But Loach’s Up the Junction also doesn’t shy away from the subject, so central to Dunn’s plot, of dangerous—because illegal—abortion. In what might be the film’s most Brechtian scene of radical sound-and-image collage, we see the seventeen-year-old Rube end her pregnancy with the help of a chain-smoking older woman who performs the task for a payment of four pounds after greeting her cheerfully, “There’s only one reason why good-looking young girls come to see Winnie!”

As Clair Wills comments in her recent essay “Quickening, or How to Plot an Abortion,” “This is a case in which it mattered a lot how the abortion story was told. Loach avoided straight realism, mixing in documentary techniques, including a voiceover interview with a GP during the abortion scene.”

An ashen-faced Rube walks through the woods following the surgery, with a jumble of voices mixing comments from her unsympathetic boyfriend and family members with the documentary clip of the physician discussing the risks of backstreet abortions. We then cut to Rube in her bedroom, with closeup shots of her sweaty face screaming in pain at after-effects of the procedure. As Loach keeps the camera close on her anguished face, shaking from side to side, we hear the doctor’s voice:

“Take the lowest figure: 52,000 abortions a year. That’s 1000 a week—something like five or six every hour of every day. And that’s the minimum figure.”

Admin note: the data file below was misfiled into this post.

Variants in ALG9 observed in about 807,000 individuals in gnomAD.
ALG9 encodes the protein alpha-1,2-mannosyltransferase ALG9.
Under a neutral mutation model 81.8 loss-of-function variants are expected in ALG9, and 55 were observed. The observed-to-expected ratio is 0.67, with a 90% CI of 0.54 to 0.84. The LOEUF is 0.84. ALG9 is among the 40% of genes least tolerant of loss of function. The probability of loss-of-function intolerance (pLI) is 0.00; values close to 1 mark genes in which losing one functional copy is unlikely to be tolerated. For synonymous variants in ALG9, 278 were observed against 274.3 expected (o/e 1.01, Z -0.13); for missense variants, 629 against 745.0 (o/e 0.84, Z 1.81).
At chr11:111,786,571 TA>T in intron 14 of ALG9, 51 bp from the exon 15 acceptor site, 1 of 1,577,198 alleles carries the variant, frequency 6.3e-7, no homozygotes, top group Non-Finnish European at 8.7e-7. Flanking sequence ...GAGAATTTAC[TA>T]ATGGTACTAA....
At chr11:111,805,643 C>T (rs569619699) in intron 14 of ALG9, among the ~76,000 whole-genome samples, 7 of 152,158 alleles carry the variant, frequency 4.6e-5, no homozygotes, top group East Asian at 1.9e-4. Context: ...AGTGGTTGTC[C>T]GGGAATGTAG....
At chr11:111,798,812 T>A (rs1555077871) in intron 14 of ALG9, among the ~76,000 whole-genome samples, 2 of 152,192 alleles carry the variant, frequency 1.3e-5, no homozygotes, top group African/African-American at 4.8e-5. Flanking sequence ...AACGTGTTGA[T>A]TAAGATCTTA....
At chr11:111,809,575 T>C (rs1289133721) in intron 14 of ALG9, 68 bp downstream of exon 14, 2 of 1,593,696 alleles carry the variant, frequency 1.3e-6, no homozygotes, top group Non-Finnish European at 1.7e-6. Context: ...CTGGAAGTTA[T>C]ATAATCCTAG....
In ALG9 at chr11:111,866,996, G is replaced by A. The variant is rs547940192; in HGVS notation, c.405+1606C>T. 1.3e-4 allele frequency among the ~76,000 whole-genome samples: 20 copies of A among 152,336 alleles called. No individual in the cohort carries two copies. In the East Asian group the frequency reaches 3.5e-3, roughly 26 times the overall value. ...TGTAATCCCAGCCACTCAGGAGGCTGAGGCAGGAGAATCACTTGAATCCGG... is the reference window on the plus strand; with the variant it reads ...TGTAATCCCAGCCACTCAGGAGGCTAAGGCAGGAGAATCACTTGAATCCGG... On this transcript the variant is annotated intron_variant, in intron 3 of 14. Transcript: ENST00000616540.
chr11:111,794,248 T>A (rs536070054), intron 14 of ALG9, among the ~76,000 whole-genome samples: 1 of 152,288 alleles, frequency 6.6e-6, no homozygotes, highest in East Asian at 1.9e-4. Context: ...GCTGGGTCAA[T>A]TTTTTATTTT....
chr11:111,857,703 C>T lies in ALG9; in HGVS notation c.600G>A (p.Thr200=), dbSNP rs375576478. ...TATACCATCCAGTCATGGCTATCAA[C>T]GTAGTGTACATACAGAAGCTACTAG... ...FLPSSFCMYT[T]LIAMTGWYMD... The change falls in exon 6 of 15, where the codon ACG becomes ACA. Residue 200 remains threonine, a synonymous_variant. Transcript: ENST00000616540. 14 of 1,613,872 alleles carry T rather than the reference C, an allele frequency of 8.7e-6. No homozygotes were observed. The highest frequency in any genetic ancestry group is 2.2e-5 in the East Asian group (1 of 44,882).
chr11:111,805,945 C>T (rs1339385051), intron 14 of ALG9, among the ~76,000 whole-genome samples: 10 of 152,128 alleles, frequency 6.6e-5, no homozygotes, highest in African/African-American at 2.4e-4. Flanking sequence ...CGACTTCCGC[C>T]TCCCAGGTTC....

Loach then joltingly cuts the soundtrack to Ben E. King’s uplifting “She Said Yes,” and to Rube walking again through the woods; on the street chatting with friends, and in a loo fixing her makeup. Loach’s film “helped bring about the 1967 Abortion Act,” Wills observes. “Viewers—and there were ten million of them—were forced to see Up the Junction’s storyline as a public health matter, and it became part of a political campaign.”

“I think I’m up the spout,” Rube tells her friend in Dunn’s original before they visit the abortion provider. Up the spout, up the junction: these colloquial phrases for “pregnant,” in trouble, can sound and mean very differently in different contexts. To have an undesired pregnancy in England before 1967, as in most of the world, was to be at great risk. But one story Dunn’s novel and Loach’s film tell is, as Minogue and Palmer argue, one of a neutralizing of abortion’s longstanding “gothic” associations, a new insistence on the procedure’s “normalcy.” In Dunn’s book, “for once the working class woman has a position of power, to decide without sentimentality or, indeed, society’s opprobrium, the fate of her unborn child.” Partly with the help of fictional narratives like Dunn’s and Loach’s, abortion was beginning to become “a natural part of the culture.”